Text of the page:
Happy Hour: daily 3-6 pm & 8 pm-close, all day Sunday, $3 beers, $4 wells, $5 select cocktails & wine, $1.99-6.99 menu


Tapalaya
28 NE 28th

At first, the idea of highbrow, small-plate New Orleans cuisine seemed like a fusion too far. But I learned that Tapalaya’s food is delicious, intelligent, and fully within anyone’s budget for the amount you’re given—especially during happy hour. After settling into what felt like an upscale southern folk-art installation, the first timer in me waanted to try the Taste of Tapalaya ($4), a plate of three house specialties rotated daily, which during my visit consisted of delectable samples of their salad and gumbo with an expertly fried oyster. From there I could’ve eaten everything on the menu, but eventually settled on the plump and juicy pork belly banh mi ($5) to share mouth time with their beautiful Uptown NOLA and Down River Drop (both $6)—specialty drinks that I threw down like I was living my own private Mardi Gras. CHRIS SUTTON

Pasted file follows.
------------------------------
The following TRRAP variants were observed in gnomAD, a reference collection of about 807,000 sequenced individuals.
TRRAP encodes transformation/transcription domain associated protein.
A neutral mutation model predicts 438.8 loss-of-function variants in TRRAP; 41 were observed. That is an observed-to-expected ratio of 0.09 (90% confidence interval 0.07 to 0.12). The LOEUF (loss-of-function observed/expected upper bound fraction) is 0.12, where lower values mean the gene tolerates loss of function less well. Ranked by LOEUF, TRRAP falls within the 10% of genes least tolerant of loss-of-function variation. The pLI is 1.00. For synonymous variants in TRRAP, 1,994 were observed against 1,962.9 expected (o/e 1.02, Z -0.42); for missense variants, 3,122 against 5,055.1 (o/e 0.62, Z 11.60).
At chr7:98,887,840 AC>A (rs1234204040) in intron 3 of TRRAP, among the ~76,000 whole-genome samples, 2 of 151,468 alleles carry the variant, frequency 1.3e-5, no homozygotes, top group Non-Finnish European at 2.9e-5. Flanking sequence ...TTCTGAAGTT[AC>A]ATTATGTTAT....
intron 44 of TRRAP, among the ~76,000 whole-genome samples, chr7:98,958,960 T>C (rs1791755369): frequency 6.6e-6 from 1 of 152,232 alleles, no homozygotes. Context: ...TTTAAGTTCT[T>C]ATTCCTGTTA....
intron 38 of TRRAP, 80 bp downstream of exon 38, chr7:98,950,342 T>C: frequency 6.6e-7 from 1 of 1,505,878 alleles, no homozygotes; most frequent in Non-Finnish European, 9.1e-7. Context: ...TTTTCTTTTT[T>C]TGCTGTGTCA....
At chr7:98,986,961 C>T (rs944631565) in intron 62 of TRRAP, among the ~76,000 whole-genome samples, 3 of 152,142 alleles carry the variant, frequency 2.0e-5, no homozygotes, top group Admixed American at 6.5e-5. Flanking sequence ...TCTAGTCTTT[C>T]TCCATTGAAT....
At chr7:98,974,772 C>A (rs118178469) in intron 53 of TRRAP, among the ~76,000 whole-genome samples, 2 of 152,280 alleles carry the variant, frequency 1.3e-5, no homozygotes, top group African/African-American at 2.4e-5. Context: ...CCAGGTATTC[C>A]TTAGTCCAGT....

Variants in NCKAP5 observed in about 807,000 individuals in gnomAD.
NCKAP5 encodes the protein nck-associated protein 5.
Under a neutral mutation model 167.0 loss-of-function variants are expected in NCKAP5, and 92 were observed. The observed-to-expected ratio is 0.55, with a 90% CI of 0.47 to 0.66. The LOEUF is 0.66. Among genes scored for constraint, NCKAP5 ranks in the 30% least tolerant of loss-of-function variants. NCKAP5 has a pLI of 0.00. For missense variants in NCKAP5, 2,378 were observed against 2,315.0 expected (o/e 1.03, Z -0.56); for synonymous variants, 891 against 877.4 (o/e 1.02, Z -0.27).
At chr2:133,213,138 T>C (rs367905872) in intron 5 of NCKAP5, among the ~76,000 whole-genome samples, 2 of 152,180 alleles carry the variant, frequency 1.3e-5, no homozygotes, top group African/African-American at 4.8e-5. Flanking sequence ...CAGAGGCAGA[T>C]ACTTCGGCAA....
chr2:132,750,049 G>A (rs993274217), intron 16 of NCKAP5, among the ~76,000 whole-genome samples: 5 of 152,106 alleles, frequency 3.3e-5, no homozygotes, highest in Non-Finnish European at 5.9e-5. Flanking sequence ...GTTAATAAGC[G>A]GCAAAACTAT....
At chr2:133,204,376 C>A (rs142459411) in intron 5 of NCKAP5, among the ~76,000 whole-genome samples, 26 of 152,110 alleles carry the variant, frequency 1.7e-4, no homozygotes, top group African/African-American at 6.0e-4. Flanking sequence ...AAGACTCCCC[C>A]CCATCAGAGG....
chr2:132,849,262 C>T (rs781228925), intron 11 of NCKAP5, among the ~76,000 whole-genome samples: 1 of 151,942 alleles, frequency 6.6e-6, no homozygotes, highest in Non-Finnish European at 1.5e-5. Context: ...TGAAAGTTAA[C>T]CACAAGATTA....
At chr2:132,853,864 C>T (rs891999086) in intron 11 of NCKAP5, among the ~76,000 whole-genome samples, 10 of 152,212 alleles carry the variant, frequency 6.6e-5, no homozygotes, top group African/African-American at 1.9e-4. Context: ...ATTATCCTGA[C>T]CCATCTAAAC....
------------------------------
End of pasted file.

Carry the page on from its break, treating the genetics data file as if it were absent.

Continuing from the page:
Happy Hour: daily 4-6 pm, $4-6 cocktails, $5 wine, $4-6 menu